WT levels of Snrpb are required for normal expression of Fgf8, Shh and Msx2
The surface cephalic ectoderm, of which the facial ectoderm zone (FEZ) is a subregion, is essential for integrating proper growth of the craniofacial skeletons and brain and patterning the underlying neural crest (Griffin et al., 2013). The severe malformations found in the face and brain of Snrpb mutants suggest that the FEZ might not have formed. Therefore, we used in situ hybridization to examine expression of Shh and Fgf8, which are expressed in surface cephalic ectoderm and together help to define the FEZ (Griffin et al., 2013). At E9.5, before the FEZ forms, Shh was expressed in the ventral-most region of the neural tube, the floor plate, and the ventral prosencephalon of Snrpb WT and Snrpbncc+/− embryos (n=4; n=3 group 1 and n=1 group 2) (Fig. 7A). At this stage, Fgf8 was expressed in the mandibular epithelium, the frontonasal prominence, and the midbrain/hindbrain junction of control and Snrpbncc+/− mutant embryos. However, the expression domain of Fgf8 was abnormally expanded at these sites (n=4; n=2 group 2 and n=2 group 1) (Fig. 7B). Furthermore, expression of Msx2, a downstream target of Fgf8 in the underlying neural crest cells (Griffin et al., 2013), was also abnormal in E9.5 Snrpbncc+/− embryos. In Snrpbncc+/+ embryos (n=6), Msx2 was expressed in the distal region of pharyngeal arches 1 and 2 (Fig. 7C). However, in Snrpbncc+/− embryos, Msx2 expression was abnormally extended proximally in these arches (n=4; n=3 group1 and n=1 group 2) (Fig. 7C). These in situs revealed that normal levels of Snrpb are required in the neural crest cells to restrict expression of Fgf8 and its downstream target Msx2 in the developing head and face in both morphologically normal and abnormal embryos.
In E10.5 group 2 Snrpbncc+/− mutant embryos missing the frontonasal prominence, expression of Shh was found in the diencephalon and the ventral forebrain (n=3; Fig. 7D). Furthermore, ectopic Shh expression was found in the dorsal and ventral optic lens (arrowheads in Fig. 7D). In group 1 mutant embryos, the lateral and medial nasal processes were further apart than in WT embryos, but Shh expression was found in the developing mandibular periderm and bilaterally on the surface ectoderm of the medial nasal prominences (arrowheads in Fig. 7G; n=1). In E10.5 WT embryos, Fgf8 was expressed on the surface ectoderm of the mandible, the maxillary prominences and frontonasal prominences. In group 2 Snrpbncc+/− mutant embryos with hypoplastic frontonasal and maxillary prominences, expression of Fgf8 was found on the mandibular ectoderm and in the region where the maxillary prominence would normally form (n=2; Fig. 7E). In group 1 E10.5 Snrpbncc+/− embryos, Fgf8 expression in the lateral nasal prominence was reduced, while ectopic expression of Fgf8 was found on the surface ectoderm of the medial nasal process, towards the midline (n=3; Fig. 7H). Similarly, in E10.5 group 2 Snrpbncc+/− mutants missing the frontonasal and maxillary prominences, Msx2 expression was expressed in the maxillary and in the mandibular region of the hypoplastic first arch (n=3). In group 1 Snrpbncc+/− mutants, Msx2 was expressed in the lateral and medial nasal prominences, although expression appeared reduced but ventrally expanded in the medial frontal nasal region (n=2; Fig. 7F). Thus, in Snrpbncc+/− embryos in which the lateral and medial nasal prominences formed, reduced expression of Fgf8 in the ectoderm results in abnormal expression of Msx2 in the underlying neural crest. We postulate that DSEs in genes important for midface development lead to abnormal expression of Shh, Fgf8 and Msx2 expression and mis-patterning of the developing craniofacial region.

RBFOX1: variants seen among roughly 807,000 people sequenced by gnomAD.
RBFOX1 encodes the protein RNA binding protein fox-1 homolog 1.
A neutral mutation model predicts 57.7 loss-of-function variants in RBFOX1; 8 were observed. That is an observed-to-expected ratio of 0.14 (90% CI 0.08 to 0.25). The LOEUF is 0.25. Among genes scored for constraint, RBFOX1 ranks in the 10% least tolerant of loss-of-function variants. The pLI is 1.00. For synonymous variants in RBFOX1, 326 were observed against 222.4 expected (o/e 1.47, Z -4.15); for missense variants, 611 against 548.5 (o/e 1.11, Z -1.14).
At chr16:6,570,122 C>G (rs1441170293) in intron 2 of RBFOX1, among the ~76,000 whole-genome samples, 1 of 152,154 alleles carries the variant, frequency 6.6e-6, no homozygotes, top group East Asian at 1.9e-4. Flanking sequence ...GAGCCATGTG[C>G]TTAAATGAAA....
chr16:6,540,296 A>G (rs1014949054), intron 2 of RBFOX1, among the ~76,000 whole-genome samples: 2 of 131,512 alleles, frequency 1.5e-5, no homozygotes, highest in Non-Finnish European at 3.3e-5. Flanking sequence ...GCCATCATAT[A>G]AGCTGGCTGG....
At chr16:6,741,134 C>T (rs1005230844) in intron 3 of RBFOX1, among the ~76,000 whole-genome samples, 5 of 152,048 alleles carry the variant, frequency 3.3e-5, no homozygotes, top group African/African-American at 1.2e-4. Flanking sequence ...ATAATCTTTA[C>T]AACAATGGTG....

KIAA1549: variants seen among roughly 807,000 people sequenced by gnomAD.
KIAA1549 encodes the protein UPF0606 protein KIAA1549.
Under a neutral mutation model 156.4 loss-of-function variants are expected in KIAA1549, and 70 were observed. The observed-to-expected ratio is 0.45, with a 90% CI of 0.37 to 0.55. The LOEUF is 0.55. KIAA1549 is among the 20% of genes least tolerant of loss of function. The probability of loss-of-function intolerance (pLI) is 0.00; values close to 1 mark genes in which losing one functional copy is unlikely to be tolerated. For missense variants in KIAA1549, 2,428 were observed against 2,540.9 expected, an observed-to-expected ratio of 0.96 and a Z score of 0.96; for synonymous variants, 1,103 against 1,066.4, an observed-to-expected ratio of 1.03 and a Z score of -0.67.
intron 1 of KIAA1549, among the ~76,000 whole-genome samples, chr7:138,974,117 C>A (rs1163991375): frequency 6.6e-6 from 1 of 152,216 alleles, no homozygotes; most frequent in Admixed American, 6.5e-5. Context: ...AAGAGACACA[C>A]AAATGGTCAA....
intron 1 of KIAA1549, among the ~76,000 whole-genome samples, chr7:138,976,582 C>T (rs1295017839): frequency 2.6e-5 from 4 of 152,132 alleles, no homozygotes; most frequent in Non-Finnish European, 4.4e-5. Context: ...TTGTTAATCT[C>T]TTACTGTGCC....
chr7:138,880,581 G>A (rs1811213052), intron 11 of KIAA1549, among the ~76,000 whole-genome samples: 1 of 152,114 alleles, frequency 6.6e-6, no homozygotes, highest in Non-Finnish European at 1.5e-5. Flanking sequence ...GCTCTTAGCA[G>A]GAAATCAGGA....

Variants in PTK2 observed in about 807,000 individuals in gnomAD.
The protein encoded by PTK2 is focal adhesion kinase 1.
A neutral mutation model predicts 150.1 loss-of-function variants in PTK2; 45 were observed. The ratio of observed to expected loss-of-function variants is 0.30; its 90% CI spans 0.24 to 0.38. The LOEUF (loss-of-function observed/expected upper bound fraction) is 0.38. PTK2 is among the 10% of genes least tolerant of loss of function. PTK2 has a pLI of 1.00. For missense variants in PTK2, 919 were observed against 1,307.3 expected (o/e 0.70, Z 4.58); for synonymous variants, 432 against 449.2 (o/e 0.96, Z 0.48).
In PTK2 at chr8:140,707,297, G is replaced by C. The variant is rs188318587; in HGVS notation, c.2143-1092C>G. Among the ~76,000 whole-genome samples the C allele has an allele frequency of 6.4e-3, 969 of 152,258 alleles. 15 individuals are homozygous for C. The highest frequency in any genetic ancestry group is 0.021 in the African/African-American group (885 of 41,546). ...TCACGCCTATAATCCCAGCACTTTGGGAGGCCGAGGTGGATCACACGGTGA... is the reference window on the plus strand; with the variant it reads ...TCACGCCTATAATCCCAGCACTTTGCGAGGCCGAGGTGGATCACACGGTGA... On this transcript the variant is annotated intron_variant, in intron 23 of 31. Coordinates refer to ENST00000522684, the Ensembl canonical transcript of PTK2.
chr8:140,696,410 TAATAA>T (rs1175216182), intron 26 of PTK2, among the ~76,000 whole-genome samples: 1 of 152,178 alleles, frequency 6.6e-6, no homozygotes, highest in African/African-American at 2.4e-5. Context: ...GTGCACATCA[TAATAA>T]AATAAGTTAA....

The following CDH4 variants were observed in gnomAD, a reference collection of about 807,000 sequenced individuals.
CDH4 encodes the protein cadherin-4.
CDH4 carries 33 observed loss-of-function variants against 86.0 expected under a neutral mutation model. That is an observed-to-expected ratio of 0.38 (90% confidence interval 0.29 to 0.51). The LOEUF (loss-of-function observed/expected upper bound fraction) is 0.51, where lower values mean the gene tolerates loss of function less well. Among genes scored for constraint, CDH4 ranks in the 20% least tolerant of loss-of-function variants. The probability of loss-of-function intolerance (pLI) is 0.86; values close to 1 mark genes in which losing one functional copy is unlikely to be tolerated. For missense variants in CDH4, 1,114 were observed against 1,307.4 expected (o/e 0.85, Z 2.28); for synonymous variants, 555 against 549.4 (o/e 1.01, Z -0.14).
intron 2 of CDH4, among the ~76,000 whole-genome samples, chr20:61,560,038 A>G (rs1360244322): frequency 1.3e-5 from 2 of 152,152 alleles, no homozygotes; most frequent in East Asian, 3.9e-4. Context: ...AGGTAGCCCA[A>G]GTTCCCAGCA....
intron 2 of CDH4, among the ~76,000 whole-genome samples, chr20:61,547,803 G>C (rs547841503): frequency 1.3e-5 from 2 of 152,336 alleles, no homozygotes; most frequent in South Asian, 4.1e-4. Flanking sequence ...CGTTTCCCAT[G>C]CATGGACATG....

Splicing is an essential and ubiquitous process that generates mature mRNAs and increases the number and diversity of proteins from the genome (Chen and Manley, 2009; Nilsen and Graveley, 2010). SNRPB is an essential protein that facilitates assembly of the snRNP proteins that carry out splicing. Surprisingly, mutations that increase levels of a non-functional SNRPB transcript result in CCMS, a craniofacial spliceosomopathy that is also associated with rib defects (Lynch et al., 2014; Bacrot et al., 2015; Beauchamp et al., 2020). To examine the role of SNRPB in the development of tissues affected in patients, we first designed guide RNAs (gRNAs) and repair templates to generate a mutation in alternative exon 2 that would model those found in CCMS patients. However, this strategy did not prove to be fruitful as we did not recover mutant mouse lines carrying this mutation. Therefore, we generated a conditional mutant mouse line to test whether WT levels of Snrpb were required for normal development. Herein, we showed that Snrpb is haploinsufficient in mice and required for normal splicing of key regulators of P53 and transcripts required for normal craniofacial development, as well as expression of Fgf8 and Shh. We show that morphological defects in Snrpb mutants were not associated with significant changes in gene expression but with disruptions in alternative splicing and patterning of the craniofacial region. We suggest that altered transcript ratios and expression of genes important for patterning the craniofacial region are responsible for malformations and embryonic death of mutant embryos.